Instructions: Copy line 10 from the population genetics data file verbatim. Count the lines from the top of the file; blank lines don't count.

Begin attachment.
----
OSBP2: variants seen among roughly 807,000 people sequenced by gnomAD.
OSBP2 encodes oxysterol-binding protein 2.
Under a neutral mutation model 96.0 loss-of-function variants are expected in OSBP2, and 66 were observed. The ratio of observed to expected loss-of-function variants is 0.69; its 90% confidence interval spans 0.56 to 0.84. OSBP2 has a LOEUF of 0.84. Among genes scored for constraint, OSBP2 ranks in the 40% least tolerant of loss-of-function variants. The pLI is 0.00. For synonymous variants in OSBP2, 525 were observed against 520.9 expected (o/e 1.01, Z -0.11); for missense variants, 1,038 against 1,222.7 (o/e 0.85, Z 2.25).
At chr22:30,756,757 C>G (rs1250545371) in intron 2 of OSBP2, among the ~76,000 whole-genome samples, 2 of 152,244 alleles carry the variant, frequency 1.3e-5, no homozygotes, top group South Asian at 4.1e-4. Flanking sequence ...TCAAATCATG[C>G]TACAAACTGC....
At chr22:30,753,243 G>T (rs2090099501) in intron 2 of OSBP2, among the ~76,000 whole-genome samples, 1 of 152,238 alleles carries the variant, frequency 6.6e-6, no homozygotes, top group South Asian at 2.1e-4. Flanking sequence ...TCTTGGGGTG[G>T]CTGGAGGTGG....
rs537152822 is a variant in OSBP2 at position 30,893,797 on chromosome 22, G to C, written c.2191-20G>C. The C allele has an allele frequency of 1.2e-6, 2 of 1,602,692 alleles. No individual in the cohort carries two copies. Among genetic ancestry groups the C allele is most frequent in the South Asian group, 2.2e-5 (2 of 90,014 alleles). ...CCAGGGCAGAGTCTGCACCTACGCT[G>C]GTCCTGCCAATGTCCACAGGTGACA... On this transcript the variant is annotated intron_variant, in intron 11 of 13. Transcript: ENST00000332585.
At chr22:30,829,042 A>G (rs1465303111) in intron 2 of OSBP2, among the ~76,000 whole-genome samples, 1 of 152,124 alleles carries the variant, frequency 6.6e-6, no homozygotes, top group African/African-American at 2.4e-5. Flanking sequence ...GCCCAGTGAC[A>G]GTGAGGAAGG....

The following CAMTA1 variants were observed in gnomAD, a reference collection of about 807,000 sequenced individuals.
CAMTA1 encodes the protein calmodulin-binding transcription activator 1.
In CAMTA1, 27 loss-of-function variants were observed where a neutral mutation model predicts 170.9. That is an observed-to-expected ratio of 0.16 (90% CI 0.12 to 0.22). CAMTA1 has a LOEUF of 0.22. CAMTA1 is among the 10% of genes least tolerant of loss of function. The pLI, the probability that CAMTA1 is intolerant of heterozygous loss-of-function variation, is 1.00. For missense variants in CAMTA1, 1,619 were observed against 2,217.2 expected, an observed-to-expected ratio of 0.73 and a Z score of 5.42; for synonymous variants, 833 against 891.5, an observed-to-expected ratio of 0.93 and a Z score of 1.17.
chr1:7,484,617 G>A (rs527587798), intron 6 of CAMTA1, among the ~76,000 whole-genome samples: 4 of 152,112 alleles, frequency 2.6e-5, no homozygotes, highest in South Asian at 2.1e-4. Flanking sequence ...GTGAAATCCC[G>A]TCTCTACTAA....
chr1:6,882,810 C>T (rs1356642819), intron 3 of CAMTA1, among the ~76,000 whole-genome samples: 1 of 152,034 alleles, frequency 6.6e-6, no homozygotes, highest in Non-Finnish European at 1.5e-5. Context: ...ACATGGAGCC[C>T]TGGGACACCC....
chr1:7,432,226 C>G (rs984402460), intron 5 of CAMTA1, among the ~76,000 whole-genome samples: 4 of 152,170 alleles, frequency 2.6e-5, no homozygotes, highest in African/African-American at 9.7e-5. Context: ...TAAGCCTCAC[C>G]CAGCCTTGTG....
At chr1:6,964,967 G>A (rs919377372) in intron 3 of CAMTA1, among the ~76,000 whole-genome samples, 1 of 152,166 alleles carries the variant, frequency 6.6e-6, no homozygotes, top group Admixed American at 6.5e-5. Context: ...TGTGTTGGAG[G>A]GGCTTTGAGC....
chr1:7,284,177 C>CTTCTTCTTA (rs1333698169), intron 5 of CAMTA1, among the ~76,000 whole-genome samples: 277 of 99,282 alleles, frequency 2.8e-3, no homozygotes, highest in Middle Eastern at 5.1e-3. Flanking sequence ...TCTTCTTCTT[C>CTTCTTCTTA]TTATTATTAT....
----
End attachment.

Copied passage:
In CAMTA1, 27 loss-of-function variants were observed where a neutral mutation model predicts 170.9. That is an observed-to-expected ratio of 0.16 (90% CI 0.12 to 0.22). CAMTA1 has a LOEUF of 0.22. CAMTA1 is among the 10% of genes least tolerant of loss of function. The pLI, the probability that CAMTA1 is intolerant of heterozygous loss-of-function variation, is 1.00. For missense variants in CAMTA1, 1,619 were observed against 2,217.2 expected, an observed-to-expected ratio of 0.73 and a Z score of 5.42; for synonymous variants, 833 against 891.5, an observed-to-expected ratio of 0.93 and a Z score of 1.17.